Date: 22 March 2018
Venue: Leiden University, Lipsius building, room 147
Open to: Researchmaster- and PhD-students
Credits: 1 ECTS (available upon request)
Registration: Maximum participants in this event: 25 Register before: March 8, 2018
Register here: firstname.lastname@example.org (See also below)
This masterclass is part of the two-day workshop ‘Historians without Borders: Writing Histories of International Organizations’. This workshop is organized by the ERC project ‘Rethinking Disability’ and sponsored by the Huizinga Institute. It is intended to bring together early-career researchers from different fields working on international organizations, to discuss methodological challenges together with peers and established scholars and aims at providing an informal and interactive setting for the exchange of ideas and perspectives.
Ever since historians have started to break with their ‘methodological nationalism’, history beyond borders has seem to split up in different subfields – e.g. global, transnational and world history – where fruitful dialogue sometimes seems increasingly difficult. The purpose of this workshop is to open up this dialogue, to see what specific advantages different approaches can offer and how they can be best put to use. In order to do this, the workshop will focus on the history of international organizations, from the main intergovernmental organizations (IOs) – such as the League of Nations, the UN or the NATO – to the vast field of International Non-Governmental Organizations (INGOs), spanning a diverse range of causes from the environment (Greenpeace), over human rights (Amnesty International), to humanitarianism (Médecins sans frontières).
More information and an overview of the complete program for the workshop can be found here.
Possible approaches to the history of international organizations: chances and limitations of a view from Geneva
The masterclass will be divided in three parts of roughly fifty minutes each. In the first part we will discuss the advantages and disadvantages of studying the history and politics of international organizations using primary sources produced by international organizations. In the second part we will consider different approaches useful to study the history of international organizations; we will also engage with the usefulness of labels and ‘turns’ in contemporary history. In the third and final part of this class we will take cue from my research on the history of Western humanitarianism to debate approaches, sources, methods and methodologies as well as the risks related to the setting up of a research field.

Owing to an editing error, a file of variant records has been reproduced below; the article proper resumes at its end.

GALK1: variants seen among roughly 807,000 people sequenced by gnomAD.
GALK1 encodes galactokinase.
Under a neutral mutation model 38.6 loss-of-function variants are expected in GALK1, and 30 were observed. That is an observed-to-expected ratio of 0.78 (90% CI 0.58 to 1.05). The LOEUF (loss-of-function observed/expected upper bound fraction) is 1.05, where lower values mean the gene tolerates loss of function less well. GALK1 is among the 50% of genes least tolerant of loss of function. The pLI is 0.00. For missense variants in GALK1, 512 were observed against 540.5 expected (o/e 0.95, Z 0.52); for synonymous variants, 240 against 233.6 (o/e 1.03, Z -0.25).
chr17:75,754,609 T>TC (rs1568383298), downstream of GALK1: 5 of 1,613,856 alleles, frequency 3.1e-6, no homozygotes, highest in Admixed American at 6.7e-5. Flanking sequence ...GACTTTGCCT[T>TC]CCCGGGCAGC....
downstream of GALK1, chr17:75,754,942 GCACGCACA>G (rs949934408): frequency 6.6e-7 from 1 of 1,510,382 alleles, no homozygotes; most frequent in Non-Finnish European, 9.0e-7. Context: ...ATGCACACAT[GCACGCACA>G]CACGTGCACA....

The masterclass will be taught by Davide Rodogno. Dr. Rodogno was a Research Fellow at the London School of Economics (2002-2004), Foreign Associate Researcher at the Institut d’Histoire du Temps Présent in Paris (2004-2005), Academic Fellow – Research Council United Kingdom Academic Fellow – at the School of History, University of St Andrews (2005-2010), and SNSF – Research Professor (2008-2011). Associate professor (2011-2014) and full professor since 2014 at the Graduate Institute, he serves as head of the International History Department (2014-2017). He researches the history of philanthropic foundations, and international public health since the nineteenth century. In 2011 Rodogno published Against Massacre: Humanitarian Interventions in the Ottoman Empire (1815-1914), the Birth of a Concept and International Practice (Princeton University Press). During the summer of 2012 the Kofi Annan Foundation mandated Rodogno to write a report documenting the experience of the United Nations and League of Arab States Joint Special Envoy for Syria. More recently, Rodogno co-edited and authored a volume on the history of Humanitarian Photography, a volume on Transnational Networks of Experts in the Long Nineteenth century, and another on the League of Nations’ social work. He currently works on a third monograph tentatively entitled: Night on Earth – Humanitarian Organizations’ Relief and Rehabilitation Programmes on Behalf of Civilian Populations (1918-1939).
Preparation and proposed readings
Students will be asked to read a selection of articles in preparation for the masterclass.
In order to register for the masterclass, please send an email to email@example.com. In your email, kindly state:
- Your name
- Your affiliation
- How your research is linked to the methodological issues discussed in the masterclass